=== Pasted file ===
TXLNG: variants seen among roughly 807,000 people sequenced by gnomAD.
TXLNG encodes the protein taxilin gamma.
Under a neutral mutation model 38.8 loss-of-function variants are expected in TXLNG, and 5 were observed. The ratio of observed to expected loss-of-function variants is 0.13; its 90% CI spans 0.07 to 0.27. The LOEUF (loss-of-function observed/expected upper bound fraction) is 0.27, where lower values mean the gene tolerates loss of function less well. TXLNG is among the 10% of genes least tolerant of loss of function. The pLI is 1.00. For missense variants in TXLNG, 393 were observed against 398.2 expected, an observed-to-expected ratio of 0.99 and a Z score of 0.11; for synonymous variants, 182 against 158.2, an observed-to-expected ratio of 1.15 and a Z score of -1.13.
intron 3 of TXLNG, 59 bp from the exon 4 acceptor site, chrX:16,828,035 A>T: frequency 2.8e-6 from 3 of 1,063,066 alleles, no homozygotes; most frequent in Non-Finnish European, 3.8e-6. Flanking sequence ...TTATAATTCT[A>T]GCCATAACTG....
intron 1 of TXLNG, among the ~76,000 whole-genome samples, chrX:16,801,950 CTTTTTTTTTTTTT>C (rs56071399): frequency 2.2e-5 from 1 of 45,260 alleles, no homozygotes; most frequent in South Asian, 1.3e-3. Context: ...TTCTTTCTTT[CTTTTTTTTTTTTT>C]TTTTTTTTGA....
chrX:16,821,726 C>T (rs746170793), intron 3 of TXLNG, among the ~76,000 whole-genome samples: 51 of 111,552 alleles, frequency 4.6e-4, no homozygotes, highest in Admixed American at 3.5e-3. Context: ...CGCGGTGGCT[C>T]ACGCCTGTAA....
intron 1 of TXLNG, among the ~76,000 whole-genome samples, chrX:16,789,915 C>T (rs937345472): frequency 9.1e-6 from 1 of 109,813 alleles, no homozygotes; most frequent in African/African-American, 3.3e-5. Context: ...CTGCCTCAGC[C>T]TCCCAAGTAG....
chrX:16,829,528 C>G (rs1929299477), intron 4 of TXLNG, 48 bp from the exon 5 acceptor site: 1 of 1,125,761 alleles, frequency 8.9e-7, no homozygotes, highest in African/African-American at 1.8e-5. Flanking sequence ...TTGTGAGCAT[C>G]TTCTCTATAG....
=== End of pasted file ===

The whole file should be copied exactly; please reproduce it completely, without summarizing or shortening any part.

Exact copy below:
TXLNG: variants seen among roughly 807,000 people sequenced by gnomAD.
TXLNG encodes the protein taxilin gamma.
Under a neutral mutation model 38.8 loss-of-function variants are expected in TXLNG, and 5 were observed. The ratio of observed to expected loss-of-function variants is 0.13; its 90% CI spans 0.07 to 0.27. The LOEUF (loss-of-function observed/expected upper bound fraction) is 0.27, where lower values mean the gene tolerates loss of function less well. TXLNG is among the 10% of genes least tolerant of loss of function. The pLI is 1.00. For missense variants in TXLNG, 393 were observed against 398.2 expected, an observed-to-expected ratio of 0.99 and a Z score of 0.11; for synonymous variants, 182 against 158.2, an observed-to-expected ratio of 1.15 and a Z score of -1.13.
intron 3 of TXLNG, 59 bp from the exon 4 acceptor site, chrX:16,828,035 A>T: frequency 2.8e-6 from 3 of 1,063,066 alleles, no homozygotes; most frequent in Non-Finnish European, 3.8e-6. Flanking sequence ...TTATAATTCT[A>T]GCCATAACTG....
intron 1 of TXLNG, among the ~76,000 whole-genome samples, chrX:16,801,950 CTTTTTTTTTTTTT>C (rs56071399): frequency 2.2e-5 from 1 of 45,260 alleles, no homozygotes; most frequent in South Asian, 1.3e-3. Context: ...TTCTTTCTTT[CTTTTTTTTTTTTT>C]TTTTTTTTGA....
chrX:16,821,726 C>T (rs746170793), intron 3 of TXLNG, among the ~76,000 whole-genome samples: 51 of 111,552 alleles, frequency 4.6e-4, no homozygotes, highest in Admixed American at 3.5e-3. Context: ...CGCGGTGGCT[C>T]ACGCCTGTAA....
intron 1 of TXLNG, among the ~76,000 whole-genome samples, chrX:16,789,915 C>T (rs937345472): frequency 9.1e-6 from 1 of 109,813 alleles, no homozygotes; most frequent in African/African-American, 3.3e-5. Context: ...CTGCCTCAGC[C>T]TCCCAAGTAG....
chrX:16,829,528 C>G (rs1929299477), intron 4 of TXLNG, 48 bp from the exon 5 acceptor site: 1 of 1,125,761 alleles, frequency 8.9e-7, no homozygotes, highest in African/African-American at 1.8e-5. Flanking sequence ...TTGTGAGCAT[C>G]TTCTCTATAG....